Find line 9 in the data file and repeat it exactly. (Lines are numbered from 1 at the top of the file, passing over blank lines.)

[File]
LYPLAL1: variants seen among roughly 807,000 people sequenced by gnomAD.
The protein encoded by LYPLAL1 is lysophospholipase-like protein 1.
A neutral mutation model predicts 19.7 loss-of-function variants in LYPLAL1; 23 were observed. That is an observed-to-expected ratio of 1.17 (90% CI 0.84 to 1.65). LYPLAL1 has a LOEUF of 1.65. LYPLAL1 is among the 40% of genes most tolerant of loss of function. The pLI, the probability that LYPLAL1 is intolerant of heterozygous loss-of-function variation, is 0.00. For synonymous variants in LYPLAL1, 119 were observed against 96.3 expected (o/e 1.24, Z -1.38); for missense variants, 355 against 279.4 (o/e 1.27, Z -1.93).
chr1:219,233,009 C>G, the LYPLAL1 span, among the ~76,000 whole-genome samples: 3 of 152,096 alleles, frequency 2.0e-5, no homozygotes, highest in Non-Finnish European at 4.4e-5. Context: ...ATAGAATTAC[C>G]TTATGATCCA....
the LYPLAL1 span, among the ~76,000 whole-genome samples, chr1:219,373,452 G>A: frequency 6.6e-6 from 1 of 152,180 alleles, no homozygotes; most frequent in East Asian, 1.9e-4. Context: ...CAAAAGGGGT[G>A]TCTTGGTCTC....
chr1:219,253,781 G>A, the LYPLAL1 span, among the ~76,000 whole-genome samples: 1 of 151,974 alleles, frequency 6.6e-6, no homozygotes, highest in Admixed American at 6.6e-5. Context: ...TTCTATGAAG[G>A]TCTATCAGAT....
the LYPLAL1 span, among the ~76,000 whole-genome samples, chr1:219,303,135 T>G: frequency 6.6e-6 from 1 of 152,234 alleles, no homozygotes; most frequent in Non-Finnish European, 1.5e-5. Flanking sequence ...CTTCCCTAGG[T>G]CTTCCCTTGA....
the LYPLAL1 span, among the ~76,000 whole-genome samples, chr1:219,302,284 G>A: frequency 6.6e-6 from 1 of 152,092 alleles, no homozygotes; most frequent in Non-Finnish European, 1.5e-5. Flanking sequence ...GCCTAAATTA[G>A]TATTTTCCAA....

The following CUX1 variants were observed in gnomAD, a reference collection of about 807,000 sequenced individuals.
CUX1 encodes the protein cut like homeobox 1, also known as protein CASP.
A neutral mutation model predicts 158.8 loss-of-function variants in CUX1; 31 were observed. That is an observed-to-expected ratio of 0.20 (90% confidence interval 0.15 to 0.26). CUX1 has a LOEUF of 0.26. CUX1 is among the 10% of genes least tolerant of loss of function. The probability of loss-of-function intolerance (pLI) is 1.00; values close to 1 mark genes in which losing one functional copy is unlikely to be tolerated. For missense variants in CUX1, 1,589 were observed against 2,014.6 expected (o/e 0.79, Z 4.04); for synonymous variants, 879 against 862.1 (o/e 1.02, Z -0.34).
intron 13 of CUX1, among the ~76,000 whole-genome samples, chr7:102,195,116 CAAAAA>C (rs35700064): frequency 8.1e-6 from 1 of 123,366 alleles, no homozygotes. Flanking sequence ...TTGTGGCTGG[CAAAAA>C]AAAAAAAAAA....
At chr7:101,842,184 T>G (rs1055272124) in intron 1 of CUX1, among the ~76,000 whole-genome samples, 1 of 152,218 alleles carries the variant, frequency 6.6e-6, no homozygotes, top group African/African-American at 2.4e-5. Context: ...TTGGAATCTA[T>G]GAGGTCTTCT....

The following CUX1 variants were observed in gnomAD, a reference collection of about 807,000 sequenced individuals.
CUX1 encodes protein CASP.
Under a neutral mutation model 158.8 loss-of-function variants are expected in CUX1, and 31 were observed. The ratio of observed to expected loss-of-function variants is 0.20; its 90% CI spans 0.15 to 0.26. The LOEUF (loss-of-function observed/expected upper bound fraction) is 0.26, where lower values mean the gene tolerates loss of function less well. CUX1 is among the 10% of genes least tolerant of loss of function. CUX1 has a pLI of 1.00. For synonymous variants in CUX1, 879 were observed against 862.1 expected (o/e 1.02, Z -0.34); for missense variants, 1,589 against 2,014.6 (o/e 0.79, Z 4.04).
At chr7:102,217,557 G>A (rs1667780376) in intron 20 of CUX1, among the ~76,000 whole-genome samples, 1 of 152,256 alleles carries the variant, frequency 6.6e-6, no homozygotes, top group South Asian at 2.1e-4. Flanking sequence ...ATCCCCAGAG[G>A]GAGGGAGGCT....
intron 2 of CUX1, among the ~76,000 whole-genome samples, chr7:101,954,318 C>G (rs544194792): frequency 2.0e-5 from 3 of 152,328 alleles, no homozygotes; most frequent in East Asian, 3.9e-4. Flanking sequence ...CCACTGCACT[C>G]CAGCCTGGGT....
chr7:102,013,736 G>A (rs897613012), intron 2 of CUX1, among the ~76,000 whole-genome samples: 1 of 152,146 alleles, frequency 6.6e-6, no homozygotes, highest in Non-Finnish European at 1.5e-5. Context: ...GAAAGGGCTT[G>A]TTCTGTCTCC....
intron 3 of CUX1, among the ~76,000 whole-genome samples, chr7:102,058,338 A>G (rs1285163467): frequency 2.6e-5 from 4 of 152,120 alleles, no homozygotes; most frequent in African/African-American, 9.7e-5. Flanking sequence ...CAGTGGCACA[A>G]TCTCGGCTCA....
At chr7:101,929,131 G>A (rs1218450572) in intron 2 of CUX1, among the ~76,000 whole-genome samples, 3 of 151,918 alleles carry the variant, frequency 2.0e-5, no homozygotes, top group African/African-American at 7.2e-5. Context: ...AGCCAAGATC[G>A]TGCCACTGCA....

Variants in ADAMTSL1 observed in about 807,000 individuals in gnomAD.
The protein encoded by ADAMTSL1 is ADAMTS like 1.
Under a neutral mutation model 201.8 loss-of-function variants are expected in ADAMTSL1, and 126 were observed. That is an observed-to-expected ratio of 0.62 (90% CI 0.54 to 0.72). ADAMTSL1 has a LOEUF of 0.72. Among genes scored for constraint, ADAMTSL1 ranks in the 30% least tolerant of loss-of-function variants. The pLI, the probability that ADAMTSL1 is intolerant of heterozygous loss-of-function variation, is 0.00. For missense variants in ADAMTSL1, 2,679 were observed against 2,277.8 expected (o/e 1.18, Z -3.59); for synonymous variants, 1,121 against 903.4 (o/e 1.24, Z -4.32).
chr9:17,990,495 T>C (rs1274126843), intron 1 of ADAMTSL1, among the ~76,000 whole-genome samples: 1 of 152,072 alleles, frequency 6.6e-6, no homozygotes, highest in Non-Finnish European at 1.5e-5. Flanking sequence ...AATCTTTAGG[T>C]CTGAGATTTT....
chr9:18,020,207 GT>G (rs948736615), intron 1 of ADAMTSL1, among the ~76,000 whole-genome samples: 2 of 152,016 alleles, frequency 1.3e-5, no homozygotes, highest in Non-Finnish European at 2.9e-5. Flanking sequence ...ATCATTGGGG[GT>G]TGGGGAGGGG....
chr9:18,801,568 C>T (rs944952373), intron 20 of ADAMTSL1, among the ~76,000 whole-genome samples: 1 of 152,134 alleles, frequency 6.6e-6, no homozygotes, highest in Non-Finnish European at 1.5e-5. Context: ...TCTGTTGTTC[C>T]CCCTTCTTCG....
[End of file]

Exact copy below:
The following CUX1 variants were observed in gnomAD, a reference collection of about 807,000 sequenced individuals.